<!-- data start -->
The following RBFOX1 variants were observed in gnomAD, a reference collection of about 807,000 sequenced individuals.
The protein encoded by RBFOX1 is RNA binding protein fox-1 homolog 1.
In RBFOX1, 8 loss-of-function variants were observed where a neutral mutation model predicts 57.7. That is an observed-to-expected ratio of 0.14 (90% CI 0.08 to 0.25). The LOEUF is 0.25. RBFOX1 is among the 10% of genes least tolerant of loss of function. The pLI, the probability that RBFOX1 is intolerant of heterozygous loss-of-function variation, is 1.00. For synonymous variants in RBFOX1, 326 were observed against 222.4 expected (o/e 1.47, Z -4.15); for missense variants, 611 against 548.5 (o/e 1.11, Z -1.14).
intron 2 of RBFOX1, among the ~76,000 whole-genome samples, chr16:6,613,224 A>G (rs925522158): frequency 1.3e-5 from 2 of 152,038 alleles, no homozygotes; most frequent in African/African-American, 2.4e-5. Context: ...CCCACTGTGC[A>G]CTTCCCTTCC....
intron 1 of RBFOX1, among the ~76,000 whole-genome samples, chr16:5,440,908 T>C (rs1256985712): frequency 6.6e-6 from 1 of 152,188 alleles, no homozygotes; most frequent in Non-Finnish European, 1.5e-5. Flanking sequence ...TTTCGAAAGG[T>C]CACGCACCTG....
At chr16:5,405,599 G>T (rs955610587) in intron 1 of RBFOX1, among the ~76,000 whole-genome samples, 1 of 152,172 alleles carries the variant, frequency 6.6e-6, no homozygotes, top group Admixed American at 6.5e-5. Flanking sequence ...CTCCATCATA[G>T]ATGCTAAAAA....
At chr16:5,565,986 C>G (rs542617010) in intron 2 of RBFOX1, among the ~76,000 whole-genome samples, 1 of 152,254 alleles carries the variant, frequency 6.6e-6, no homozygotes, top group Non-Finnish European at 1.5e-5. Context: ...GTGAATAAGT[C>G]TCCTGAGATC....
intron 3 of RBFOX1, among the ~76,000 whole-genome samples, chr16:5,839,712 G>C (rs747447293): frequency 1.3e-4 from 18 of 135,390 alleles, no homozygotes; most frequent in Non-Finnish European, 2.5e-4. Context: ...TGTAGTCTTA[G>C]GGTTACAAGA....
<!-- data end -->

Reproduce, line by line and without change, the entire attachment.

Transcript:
The following RBFOX1 variants were observed in gnomAD, a reference collection of about 807,000 sequenced individuals.
The protein encoded by RBFOX1 is RNA binding protein fox-1 homolog 1.
In RBFOX1, 8 loss-of-function variants were observed where a neutral mutation model predicts 57.7. That is an observed-to-expected ratio of 0.14 (90% CI 0.08 to 0.25). The LOEUF is 0.25. RBFOX1 is among the 10% of genes least tolerant of loss of function. The pLI, the probability that RBFOX1 is intolerant of heterozygous loss-of-function variation, is 1.00. For synonymous variants in RBFOX1, 326 were observed against 222.4 expected (o/e 1.47, Z -4.15); for missense variants, 611 against 548.5 (o/e 1.11, Z -1.14).
intron 2 of RBFOX1, among the ~76,000 whole-genome samples, chr16:6,613,224 A>G (rs925522158): frequency 1.3e-5 from 2 of 152,038 alleles, no homozygotes; most frequent in African/African-American, 2.4e-5. Context: ...CCCACTGTGC[A>G]CTTCCCTTCC....
intron 1 of RBFOX1, among the ~76,000 whole-genome samples, chr16:5,440,908 T>C (rs1256985712): frequency 6.6e-6 from 1 of 152,188 alleles, no homozygotes; most frequent in Non-Finnish European, 1.5e-5. Flanking sequence ...TTTCGAAAGG[T>C]CACGCACCTG....
At chr16:5,405,599 G>T (rs955610587) in intron 1 of RBFOX1, among the ~76,000 whole-genome samples, 1 of 152,172 alleles carries the variant, frequency 6.6e-6, no homozygotes, top group Admixed American at 6.5e-5. Flanking sequence ...CTCCATCATA[G>T]ATGCTAAAAA....
At chr16:5,565,986 C>G (rs542617010) in intron 2 of RBFOX1, among the ~76,000 whole-genome samples, 1 of 152,254 alleles carries the variant, frequency 6.6e-6, no homozygotes, top group Non-Finnish European at 1.5e-5. Context: ...GTGAATAAGT[C>G]TCCTGAGATC....
intron 3 of RBFOX1, among the ~76,000 whole-genome samples, chr16:5,839,712 G>C (rs747447293): frequency 1.3e-4 from 18 of 135,390 alleles, no homozygotes; most frequent in Non-Finnish European, 2.5e-4. Context: ...TGTAGTCTTA[G>C]GGTTACAAGA....